Ottoman & Turkish Dissertation Reviews

We are delighted to announce another new series on Dissertation Reviews, which is coming in the 2013-2014 season, and welcome three new editors — Amaryllis Logotheti (Panteion University, Athens), Ileana Moroni (École des Hautes Études en Sciences Sociales) and Nikos Christofis (Leiden University). This series will bring you friendly, non-critical overviews of recently defended, unpublished dissertations on anything from the history of the Ottoman Empire to contemporary politics and society in Turkey. If you are interested in having your dissertation reviewed, please fill out the Review Application Form. If you are interested in helping out in some other way, please contact The principal contact for Ottoman and Turkish Studies is Amaryllis Logotheti, who can be reached at


Introducing Our New Field Editors

Amaryllis Logotheti is a PhD candidate in contemporary history at Panteion University of Athens. Her dissertation is entitled “Religion and Politics in Greece and Turkey at the beginning of the Cold War: The periodicals Zoe and Büyük Doğu” and focuses on the interaction between state and religion discourse in the public sphere. She received a BA from the University of Cyprus, Turkish Studies Department, and a Masters in European Studies from the European Center for Comparative Government and Public Policy in Berlin. She has published articles on political Islam and presented papers about the role of religion in the Mediterranean world, state anticommunism and the triangle Turkey, Greece, Cyprus. Her research interests include comparative history, political Islam, transition to secularism and Cold War in Europe.


Ileana Moroni is currently completing her PhD in History at the École des Hautes Études en Sciences Sociales (EHESS), Paris. She previously studied at the University of Cyprus and Boğaziçi University, Istanbul. Her dissertation, “Imperial Nation: Constructing a Modern Ottoman Political Community in the Aftermath of the 1908 Revolution,” draws on theories of nationalism and citizenship, placing late Ottoman history in broader discussions on empire and on the current issue of a post-national or multicultural citizenship. Her doctoral work was supported by scholarships from Greece’s State Scholarships Foundation and the Alexander S. Onassis Public Benefit Foundation. She has published O Ergatis, 1908-1909: Ottomanism, National Economy and Modernization in the Ottoman Empire (Istanbul: Libra Books, 2010) and articles in Tarih ve Toplum, as well as translations from Turkish to Greek and commentaries (in Greek and in Turkish) on current politics and culture.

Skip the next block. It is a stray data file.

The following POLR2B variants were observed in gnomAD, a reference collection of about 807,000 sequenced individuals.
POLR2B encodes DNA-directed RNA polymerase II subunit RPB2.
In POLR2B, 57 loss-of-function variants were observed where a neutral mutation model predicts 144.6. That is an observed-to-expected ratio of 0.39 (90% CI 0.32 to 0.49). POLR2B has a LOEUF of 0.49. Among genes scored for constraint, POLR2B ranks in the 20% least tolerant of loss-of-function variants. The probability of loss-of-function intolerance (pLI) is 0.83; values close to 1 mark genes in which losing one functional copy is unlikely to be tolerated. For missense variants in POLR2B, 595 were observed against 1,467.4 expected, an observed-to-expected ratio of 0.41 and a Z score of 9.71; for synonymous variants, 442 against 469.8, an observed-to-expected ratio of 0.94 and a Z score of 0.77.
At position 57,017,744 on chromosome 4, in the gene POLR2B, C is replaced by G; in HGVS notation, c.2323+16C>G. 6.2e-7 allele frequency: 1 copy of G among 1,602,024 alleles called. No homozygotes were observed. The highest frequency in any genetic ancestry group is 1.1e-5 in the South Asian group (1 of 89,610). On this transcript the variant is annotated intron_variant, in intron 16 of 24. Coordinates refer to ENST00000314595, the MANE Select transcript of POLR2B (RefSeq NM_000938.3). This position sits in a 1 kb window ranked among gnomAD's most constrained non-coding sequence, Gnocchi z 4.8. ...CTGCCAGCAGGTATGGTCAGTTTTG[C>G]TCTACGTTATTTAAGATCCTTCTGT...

Nikos Christofis received his PhD from Leiden Institute for Area Studies (LIAS), Leiden University in 2015. His dissertation has the title From Socialism via Anti-Imperialism to Nationalism. EDA – TİP: Socialist Contest over Cyprus. He edited and annotated a Turkish grammar (in Greek), and he is reworking his postgraduate thesis for publication, entitled Demonizing the Other: Greek Views on Turkey during the Asia Minor Campaign, 1919-1922. He has published articles and book reviews in edited volumes and academic journals in Greek, English, Turkish and Spanish. Some of his latest articles are “Lieux de Memoire and the ‘Invention of Resistance’ as Counter-Memory in the Greek and Turkish Left,” and “Turkey, Cyprus and the Arab Uprisings,” both in collected volumes. He is also one of the reviewers and members of the editorial board of the e-journal Athens Journal of History.



Image: Photograph of Istanbul, by our Ottoman and Turkish Studies editors.

Leave a Reply